*** DEBUG START ***
*** DEBUG END ***

Safeguarding process drove us close to suicide, says Lincoln canon

14 June 2021

Paul Overend

Canon Paul Overend with his wife Sue in Lincoln, a photograph taken “in happier times”

Canon Paul Overend with his wife Sue in Lincoln, a photograph taken “in happier times”

THE Canon Chancellor of Lincoln Cathedral, the Revd Dr Paul Overend, and his wife, Sue, contemplated suicide because of the safeguarding investigation that he faced, he said on Sunday.

On Saturday, it was announced that a church investigation had concluded that there was “no case to answer” after a protracted investigation by the police and the church authorities.

In a personal statement that was read out on Sunday, Canon Overend writes: “The diocese and the Church of England will now need to take stock of their safeguarding and CDM processes, which have harmed a great number of people and brought my wife and me close to suicide.”

He said on Monday that, at one point, his wife had been admitted to the Maytree Respite Centre in London for residential suicide-prevention care.

In his statement, he notes that his ordeal began 789 days earlier, when he was asked to step aside from his work as Canon Chancellor after an allegation that he had grabbed and kissed a Cardiff University student in 1997 (News, 10 January; 29 November 2019). He has always denied the charge, and was acquitted after a jury trial at Newport Crown Court last December (News, 4 December 2020).

As soon as the acquittal was announced, the Church initiated its own investigation under the Clergy Discipline Measure (CDM), saying: “With the criminal process concluded, time is now needed to consider any further response that is required by ecclesiastical law, and according to House of Bishops’ guidelines and practices.”

This took a further six months, until the announcement on Saturday: “After due process, a ruling has been made in the case brought under the Clergy Discipline Measure against the Revd Canon Dr Paul Overend, Chancellor of Lincoln Cathedral. It was determined by the Deputy President of Tribunals that there is no case to answer and no further steps should be taken. This has been a long and difficult process and our thoughts and prayers are with all those who have been affected by it.”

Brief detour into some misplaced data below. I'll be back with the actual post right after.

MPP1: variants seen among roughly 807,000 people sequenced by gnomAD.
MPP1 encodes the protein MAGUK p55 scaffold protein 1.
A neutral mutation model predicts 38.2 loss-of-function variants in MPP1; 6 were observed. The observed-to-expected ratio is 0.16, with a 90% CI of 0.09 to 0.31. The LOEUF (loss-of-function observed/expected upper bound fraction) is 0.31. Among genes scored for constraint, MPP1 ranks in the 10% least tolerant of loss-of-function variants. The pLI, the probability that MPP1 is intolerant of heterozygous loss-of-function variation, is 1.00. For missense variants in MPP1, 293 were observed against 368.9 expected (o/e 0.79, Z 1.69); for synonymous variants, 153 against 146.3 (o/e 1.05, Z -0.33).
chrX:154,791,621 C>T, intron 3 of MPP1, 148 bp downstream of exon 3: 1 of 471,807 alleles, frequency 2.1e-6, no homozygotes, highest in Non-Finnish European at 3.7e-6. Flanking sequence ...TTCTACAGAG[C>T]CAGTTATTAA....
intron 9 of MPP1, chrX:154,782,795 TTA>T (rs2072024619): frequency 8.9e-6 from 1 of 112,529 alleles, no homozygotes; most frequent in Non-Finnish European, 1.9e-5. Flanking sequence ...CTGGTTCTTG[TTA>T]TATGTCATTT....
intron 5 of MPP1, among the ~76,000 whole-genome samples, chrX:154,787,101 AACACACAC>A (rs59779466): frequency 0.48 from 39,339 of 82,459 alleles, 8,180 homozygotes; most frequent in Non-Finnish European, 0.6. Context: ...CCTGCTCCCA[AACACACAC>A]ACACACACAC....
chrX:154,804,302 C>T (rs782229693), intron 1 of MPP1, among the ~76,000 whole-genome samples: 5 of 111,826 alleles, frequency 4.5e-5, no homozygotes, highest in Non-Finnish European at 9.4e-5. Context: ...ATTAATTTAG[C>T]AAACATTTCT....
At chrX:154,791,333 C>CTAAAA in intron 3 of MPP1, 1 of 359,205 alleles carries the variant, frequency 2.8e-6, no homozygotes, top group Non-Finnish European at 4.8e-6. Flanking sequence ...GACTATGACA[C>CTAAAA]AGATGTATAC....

A spokesperson for the diocese of Lincoln said: “The events of the last two years have been extremely stressful and emotional for many people, in a variety of different ways.”

In his personal statement, Canon Overend repeats the points that he made after his acquittal in Cardiff: “Clergy work pastorally with people and make themselves vulnerable in so doing. I advise all clergy to join the Faithworkers Branch of Unite the Union and to take out insurance to protect themselves and their families.”

It is understood that the couple are still receiving therapy. 

 

Canon Overend’s statement in full:

“THE decision of the Deputy President of Tribunals, His Honour Judge David Turner QC, that ‘there is no case to answer’, finally brings to a close the Church’s investigation into a single historical allegation, dating back to a church social event in 1997. This decision comes 789 days after I was first asked to step aside from my role as Chancellor, and six months after I was unanimously acquitted in court.

“I am immensely grateful to all those in Lincoln and beyond who have been supportive of my wife and me throughout this ordeal.

“The Diocese and the Church of England will now need to take stock of their Safeguarding and CDM processes, which have harmed a great number of people and brought my wife and me close to suicide.

“Clergy work pastorally with people and make themselves vulnerable in so doing. I advise all clergy to join the Faithworkers Branch of Unite the Union and to take out insurance to protect themselves and their families.

“We need time now to recover from this horrendous ordeal and start to heal, and then to consider our future.”

Read an account of the couple’s ordeal here

Welcome to the Church Times

​To explore the Church Times website fully, please sign in or subscribe.

Non-subscribers can read four articles for free each month. (You will need to register.)